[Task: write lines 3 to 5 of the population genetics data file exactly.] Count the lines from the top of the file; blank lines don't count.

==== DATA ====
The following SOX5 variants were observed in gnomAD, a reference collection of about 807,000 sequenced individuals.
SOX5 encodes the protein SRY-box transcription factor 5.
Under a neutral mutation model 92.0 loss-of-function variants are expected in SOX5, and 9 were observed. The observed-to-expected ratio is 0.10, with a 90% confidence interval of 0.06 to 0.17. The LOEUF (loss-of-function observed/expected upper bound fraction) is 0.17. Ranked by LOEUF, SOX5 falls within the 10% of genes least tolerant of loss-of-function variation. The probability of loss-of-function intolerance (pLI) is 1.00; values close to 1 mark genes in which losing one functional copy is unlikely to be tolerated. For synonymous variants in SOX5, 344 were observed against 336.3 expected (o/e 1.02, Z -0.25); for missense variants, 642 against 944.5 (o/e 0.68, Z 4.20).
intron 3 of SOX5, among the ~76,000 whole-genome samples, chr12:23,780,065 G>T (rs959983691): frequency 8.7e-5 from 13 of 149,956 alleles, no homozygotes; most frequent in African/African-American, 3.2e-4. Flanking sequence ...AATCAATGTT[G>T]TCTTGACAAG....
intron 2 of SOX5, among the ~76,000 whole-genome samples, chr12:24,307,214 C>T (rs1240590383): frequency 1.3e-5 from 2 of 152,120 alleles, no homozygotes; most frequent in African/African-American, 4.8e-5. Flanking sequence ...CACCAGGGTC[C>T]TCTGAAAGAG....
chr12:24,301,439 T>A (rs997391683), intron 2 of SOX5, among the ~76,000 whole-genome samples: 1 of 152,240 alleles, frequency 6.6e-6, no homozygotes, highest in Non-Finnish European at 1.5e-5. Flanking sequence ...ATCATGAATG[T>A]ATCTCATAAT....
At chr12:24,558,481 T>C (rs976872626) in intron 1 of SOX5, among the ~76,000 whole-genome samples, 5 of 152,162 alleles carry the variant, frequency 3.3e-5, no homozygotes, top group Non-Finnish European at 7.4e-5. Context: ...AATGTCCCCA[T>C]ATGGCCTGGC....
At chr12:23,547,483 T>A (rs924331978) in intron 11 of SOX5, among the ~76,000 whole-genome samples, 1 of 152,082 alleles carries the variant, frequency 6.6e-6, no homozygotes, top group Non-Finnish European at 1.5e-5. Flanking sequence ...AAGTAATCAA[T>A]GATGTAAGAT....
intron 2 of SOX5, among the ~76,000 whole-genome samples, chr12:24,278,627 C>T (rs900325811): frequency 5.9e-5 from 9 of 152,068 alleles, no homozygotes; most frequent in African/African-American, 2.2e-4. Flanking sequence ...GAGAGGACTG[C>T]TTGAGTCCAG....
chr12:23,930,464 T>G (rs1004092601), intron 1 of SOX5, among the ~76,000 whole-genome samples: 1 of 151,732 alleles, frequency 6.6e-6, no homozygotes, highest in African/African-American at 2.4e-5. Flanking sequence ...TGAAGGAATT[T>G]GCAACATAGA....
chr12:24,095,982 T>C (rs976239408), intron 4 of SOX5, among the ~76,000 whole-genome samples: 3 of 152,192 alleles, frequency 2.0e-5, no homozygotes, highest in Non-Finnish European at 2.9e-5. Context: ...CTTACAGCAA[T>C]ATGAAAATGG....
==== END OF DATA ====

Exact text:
Under a neutral mutation model 92.0 loss-of-function variants are expected in SOX5, and 9 were observed. The observed-to-expected ratio is 0.10, with a 90% confidence interval of 0.06 to 0.17. The LOEUF (loss-of-function observed/expected upper bound fraction) is 0.17. Ranked by LOEUF, SOX5 falls within the 10% of genes least tolerant of loss-of-function variation. The probability of loss-of-function intolerance (pLI) is 1.00; values close to 1 mark genes in which losing one functional copy is unlikely to be tolerated. For synonymous variants in SOX5, 344 were observed against 336.3 expected (o/e 1.02, Z -0.25); for missense variants, 642 against 944.5 (o/e 0.68, Z 4.20).
intron 3 of SOX5, among the ~76,000 whole-genome samples, chr12:23,780,065 G>T (rs959983691): frequency 8.7e-5 from 13 of 149,956 alleles, no homozygotes; most frequent in African/African-American, 3.2e-4. Flanking sequence ...AATCAATGTT[G>T]TCTTGACAAG....
intron 2 of SOX5, among the ~76,000 whole-genome samples, chr12:24,307,214 C>T (rs1240590383): frequency 1.3e-5 from 2 of 152,120 alleles, no homozygotes; most frequent in African/African-American, 4.8e-5. Flanking sequence ...CACCAGGGTC[C>T]TCTGAAAGAG....